Million Solar Strong

05/03/2016 05:40 pm ET Updated Dec 06, 2017

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Photo: National Renewable Energy Laboratory

Perhaps it was on the rooftop of a superstore in a suburb of my home state of Massachusetts. Maybe it was on a high school in New Jersey, or a home in a small North Carolina town. It could have been a solar carport project in California, believed to be the largest of its kind. But sometime in the last two months, a solar project helped us clear a critical milestone for renewable energy: the U.S. now has 1 million solar power installations. What's more, experts say it will take only another two years to double that number.

What made this milestone possible? And perhaps even more importantly, why will it seem modest in just a few years' time?

It's not as if the sun just started to shine. Enough sunlight hits the U.S. to supply our energy needs with solar power many, many times over. The reason we've seen an exponential growth is solar power in recent years -- with enough solar now to power over 5.4 million homes -- is the trifecta of public policies, technological innovation, and plummeting costs.

Pollution-free, with no fuel costs and the allure of energy independence, solar power has long enjoyed broad public support. In part as a result, policy makers at all levels of government have enacted policies to level the playing field so that solar can begin to replace polluting fossil fuels. Twenty-nine states and the District of Columbia all have clean energy requirements, many with particular incentives for solar power. Since 2006, federal officials have offered tax incentives for solar installations. Policies to enable solar panel owners to connect and sell excess power back to the electric grid have played a role as well.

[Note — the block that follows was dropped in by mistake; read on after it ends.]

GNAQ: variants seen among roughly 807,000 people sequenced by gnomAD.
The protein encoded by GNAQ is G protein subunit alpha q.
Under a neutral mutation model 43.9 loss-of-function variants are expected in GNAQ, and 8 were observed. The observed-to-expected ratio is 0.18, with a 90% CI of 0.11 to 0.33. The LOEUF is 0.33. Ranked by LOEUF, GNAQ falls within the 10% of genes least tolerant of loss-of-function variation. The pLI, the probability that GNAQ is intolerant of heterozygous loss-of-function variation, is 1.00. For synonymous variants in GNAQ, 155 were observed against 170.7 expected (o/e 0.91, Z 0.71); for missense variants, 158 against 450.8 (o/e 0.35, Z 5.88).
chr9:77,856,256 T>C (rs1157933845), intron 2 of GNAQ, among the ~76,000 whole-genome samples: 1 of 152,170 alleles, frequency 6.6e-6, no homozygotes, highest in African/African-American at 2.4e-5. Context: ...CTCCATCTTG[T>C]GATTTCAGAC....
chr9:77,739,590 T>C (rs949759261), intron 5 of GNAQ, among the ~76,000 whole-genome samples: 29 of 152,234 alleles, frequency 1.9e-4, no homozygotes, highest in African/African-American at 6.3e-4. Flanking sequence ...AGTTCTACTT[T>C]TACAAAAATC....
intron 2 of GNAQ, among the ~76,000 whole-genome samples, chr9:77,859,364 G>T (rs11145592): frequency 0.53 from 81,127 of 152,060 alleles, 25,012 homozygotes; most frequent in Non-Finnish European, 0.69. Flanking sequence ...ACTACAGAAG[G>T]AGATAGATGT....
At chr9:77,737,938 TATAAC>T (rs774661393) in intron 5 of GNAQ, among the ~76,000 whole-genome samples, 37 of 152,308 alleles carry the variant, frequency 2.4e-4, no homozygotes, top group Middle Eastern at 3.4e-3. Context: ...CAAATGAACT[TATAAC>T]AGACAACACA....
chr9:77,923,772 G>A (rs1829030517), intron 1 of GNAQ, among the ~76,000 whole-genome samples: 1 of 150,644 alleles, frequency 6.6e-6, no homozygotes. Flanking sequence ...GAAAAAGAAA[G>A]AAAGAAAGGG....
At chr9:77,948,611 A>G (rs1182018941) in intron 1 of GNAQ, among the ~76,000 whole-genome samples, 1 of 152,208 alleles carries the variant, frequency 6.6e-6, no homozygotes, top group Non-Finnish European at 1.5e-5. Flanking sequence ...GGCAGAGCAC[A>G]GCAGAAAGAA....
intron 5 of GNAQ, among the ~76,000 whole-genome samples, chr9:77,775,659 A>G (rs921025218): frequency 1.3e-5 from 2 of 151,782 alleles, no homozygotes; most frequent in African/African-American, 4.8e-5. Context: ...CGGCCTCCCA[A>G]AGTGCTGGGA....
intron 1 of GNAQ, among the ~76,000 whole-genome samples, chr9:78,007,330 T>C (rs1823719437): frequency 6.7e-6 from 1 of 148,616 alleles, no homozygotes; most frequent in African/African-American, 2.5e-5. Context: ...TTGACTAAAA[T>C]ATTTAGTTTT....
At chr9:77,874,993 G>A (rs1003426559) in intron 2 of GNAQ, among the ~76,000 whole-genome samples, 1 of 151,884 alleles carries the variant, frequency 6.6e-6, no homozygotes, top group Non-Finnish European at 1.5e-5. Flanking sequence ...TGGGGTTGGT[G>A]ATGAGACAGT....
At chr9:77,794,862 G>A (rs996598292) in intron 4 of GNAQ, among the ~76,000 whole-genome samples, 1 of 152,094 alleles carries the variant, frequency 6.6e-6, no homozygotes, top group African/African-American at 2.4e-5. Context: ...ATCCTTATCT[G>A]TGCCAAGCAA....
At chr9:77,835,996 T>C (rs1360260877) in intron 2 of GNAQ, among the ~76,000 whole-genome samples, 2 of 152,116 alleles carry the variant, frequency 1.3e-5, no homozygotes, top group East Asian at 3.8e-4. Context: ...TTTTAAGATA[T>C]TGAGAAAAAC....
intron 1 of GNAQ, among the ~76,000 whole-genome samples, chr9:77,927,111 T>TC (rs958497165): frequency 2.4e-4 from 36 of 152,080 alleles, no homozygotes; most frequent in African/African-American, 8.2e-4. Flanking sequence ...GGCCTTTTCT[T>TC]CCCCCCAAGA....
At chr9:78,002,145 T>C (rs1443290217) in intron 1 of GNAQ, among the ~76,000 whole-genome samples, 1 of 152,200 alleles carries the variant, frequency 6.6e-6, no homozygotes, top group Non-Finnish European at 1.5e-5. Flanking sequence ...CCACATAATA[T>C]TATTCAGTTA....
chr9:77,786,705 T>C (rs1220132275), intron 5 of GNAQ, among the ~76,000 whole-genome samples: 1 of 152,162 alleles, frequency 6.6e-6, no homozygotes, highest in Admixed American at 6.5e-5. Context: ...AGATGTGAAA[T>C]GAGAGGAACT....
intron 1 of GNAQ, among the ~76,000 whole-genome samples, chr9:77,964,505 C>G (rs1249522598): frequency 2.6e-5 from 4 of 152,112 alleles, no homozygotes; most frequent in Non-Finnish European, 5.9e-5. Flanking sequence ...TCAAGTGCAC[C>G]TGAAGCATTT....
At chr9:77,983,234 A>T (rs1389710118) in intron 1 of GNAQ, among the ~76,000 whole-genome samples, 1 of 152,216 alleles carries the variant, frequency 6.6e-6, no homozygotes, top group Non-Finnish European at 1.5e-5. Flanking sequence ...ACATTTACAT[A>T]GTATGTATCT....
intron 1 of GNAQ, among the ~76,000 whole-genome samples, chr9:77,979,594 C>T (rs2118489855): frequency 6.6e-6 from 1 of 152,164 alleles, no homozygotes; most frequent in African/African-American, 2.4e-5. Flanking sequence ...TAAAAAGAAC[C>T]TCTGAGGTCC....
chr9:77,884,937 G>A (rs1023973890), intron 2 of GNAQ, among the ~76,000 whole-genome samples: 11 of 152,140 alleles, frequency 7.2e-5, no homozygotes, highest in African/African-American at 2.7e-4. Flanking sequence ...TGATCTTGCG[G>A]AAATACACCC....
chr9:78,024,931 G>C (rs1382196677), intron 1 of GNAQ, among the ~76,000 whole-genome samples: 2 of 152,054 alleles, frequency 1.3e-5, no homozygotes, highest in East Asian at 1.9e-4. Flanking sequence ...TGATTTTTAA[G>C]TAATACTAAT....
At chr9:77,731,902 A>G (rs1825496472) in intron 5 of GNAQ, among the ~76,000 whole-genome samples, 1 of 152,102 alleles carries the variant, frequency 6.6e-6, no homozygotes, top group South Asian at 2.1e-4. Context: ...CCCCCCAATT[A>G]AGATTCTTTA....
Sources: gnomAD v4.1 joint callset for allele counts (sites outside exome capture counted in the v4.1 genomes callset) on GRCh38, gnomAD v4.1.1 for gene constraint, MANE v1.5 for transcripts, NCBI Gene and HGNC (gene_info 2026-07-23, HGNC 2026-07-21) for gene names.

Cities' pro-solar policies have been especially key. By leading by example with solar installations on government buildings, expanding community solar programs, streamlining permitting, and more, the nation's top solar cities are on the leading edge of the country's solar revolution. In fact, at the end of last year, 20 cities with just .1 percent of the nation's land area accounted for 6 percent of our solar capacity.

Responding to public policies and strong demand, innovators are working constantly to make solar power more efficient and easier to install. In 2000, the average solar panel converted about 11 percent of sunlight to electricity; now SunPower and three other companies have panels that are twice as efficient. Another technological innovation is the solar shingle, which blends in easily with the rest of the roof.

Thanks to strong public policies and technological innovations, solar is being deployed more widely than ever before, and costs are falling in turn. Prices plummeted 73 percent in the last decade, and more than 99 percent in the last four. Even without subsidies, solar power is beginning to compete with conventional fuels in some areas.

Just one indicator of how these factors work together to spur even more solar development is that four of the top five home construction firms now include solar panels on every new home in certain markets.

That's why solar capacity will likely double in another two years. Yet even then, the clean energy source will still represent only 2 percent of the nation's energy use - a far cry from its potential. A new study from the National Renewable Energy Laboratory, for example, shows that rooftop solar alone could supply 40 percent of our nation's electricity needs.

Two percent solar also falls far short of what's needed to slow global warming. Scientists say to avoid dangerous temperature increases, we must swiftly and steadily transition entirely off fossil fuels to clean, renewable energy.

So we're celebrating one million solar installations, but there's no time to rest on our laurels. To keep up and accelerate the pace, we're working to secure commitments from elected leaders to embrace bold goals for solar power. We're working to promote and defend the policies that work, like net metering. And we're working to get solar on rooftops and communities at the point of use, such as superstores and cities.

The progress we've made gives us the confidence we can take it to the next level. Let's lean in to it.